HomeOpinion & AnalysisColumnistsLand audit must result in fair land distribution

Land audit must result in fair land distribution

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On Wednesday the acting permanent secretary in the Ministry of Lands and Rural Resettlement told the Parliamentary Portifolio Committee on Lands that the government was set to embark on a land audit that would be implemented over two years.

The announcement is welcome but two crucial questions emerge from this: Why implement the audit over a period of two years and are we going to see a genuine land audit this time around, given the hullabaloo that we have seen in the past?

A genuine land audit is, for want of a better expression, long overdue. It seeks to correct the mess that the chaotic land-grab, disguised as land reform that the then ruling party, Zanu PF, and its supporters visited upon the country in 2000.

Land was grabbed from white commercial farmers willy-nilly with the big fish grabbing more farms that even a commercial enterprise could handle. The result was a situation so ruinous to agriculture that it turned, overnight, our country from being a breadbasket to a basket case.

Granted, the idea to redistribute land was and is still noble. In fact, other political players like the MDC-T claim it was their idea which Zanu PF snatched before implementing it in a suicidal manner. What happened was that the land was not redistributed in a fair or sensible manner.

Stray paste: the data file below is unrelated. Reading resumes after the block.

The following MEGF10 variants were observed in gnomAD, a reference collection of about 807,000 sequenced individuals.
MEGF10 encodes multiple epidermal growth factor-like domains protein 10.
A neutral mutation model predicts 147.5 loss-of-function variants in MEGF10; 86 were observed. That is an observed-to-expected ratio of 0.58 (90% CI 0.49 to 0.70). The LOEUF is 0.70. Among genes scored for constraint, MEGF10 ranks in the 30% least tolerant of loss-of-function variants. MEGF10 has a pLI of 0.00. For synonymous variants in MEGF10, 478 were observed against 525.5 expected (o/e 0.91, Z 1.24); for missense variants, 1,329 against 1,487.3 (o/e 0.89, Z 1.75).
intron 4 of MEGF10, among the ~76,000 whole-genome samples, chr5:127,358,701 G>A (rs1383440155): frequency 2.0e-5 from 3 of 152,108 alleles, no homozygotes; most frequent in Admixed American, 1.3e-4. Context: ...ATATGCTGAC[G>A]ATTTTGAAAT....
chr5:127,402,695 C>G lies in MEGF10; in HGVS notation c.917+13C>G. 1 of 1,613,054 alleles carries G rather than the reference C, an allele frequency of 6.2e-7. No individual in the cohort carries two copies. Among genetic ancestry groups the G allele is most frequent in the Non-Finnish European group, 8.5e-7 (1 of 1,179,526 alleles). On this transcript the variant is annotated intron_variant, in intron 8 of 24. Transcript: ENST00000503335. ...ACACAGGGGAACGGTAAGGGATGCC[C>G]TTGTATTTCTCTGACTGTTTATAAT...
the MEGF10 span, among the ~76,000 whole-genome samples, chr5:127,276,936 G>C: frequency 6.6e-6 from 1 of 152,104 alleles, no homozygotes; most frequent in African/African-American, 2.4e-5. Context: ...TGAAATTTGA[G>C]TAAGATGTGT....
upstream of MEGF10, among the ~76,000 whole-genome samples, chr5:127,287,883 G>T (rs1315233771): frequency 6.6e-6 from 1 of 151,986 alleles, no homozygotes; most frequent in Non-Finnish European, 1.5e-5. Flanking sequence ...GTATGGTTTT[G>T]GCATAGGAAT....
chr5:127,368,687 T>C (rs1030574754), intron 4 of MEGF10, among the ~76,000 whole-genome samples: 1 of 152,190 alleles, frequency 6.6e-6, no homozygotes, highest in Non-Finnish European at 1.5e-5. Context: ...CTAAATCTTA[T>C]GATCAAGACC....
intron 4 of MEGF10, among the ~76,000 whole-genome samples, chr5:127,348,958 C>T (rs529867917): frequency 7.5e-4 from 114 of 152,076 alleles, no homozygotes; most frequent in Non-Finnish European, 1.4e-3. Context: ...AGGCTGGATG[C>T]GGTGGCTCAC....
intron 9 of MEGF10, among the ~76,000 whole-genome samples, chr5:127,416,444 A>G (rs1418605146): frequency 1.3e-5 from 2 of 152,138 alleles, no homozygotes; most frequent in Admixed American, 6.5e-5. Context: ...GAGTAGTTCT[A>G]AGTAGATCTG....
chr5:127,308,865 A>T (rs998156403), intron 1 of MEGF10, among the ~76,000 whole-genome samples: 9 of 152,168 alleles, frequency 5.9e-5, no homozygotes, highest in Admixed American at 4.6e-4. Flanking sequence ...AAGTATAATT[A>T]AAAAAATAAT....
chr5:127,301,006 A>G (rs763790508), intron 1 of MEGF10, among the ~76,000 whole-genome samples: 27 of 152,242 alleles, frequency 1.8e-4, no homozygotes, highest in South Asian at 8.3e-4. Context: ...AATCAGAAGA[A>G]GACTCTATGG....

People were discriminated against on political grounds. Not just anyone could apply and get a farm. There were individuals who were more equal than others and therefore needed to be satisfied first before anyone else.

There was a loud outcry over this and to quell the dissenting voices the Zanu PF government undertook partisan types of land audits that yielded nothing while land-grabbing continued. The land-grab was concomitant with looting of farm equipment and non-productivity.

That the government now wants to carry out a land audit over a period of two years points to the continued desire by the big fish to buy time while looting and under-utilisation of land continues. The sincerity of the audit becomes questionable.

There are genuine concerns that the two-year period is designed to lengthen the period of looting for the benefit of Zanu PF and its supporters. Why take two years because that amount to two whole farming seasons?

Zanu PF has never wanted an independent land audit and the dispute with MDC-T on who should be commissioned to carry out the task indicates their intention to have a body that they can easily manipulate for political expedience. They have the warped belief that Zimbabwe’s land belongs to their party and its supporters.

What Zimbabwe needs is a land audit that would lead to a framework ensuring the majority benefit from this natural resource. Political parties must not behave as if they own Zimbabwe’s land. Land should be viewed as a national heritage that should benefit every Zimbabwean, regardless of colour or ethnicity.

Zimbabwe is an agro-economy and we have all seen the result of sacrificing the agricultural base on the political altar.

A proper land audit should result in fair redistribution of land so that not only the majority benefit, but that the wheels of our agro-based economy start turning again.

It would be another undeserved waste of resources to commit the $31,1 million set aside for land audit to another fruitless exercise meant to pacify local and international dissent while buying time for looters.

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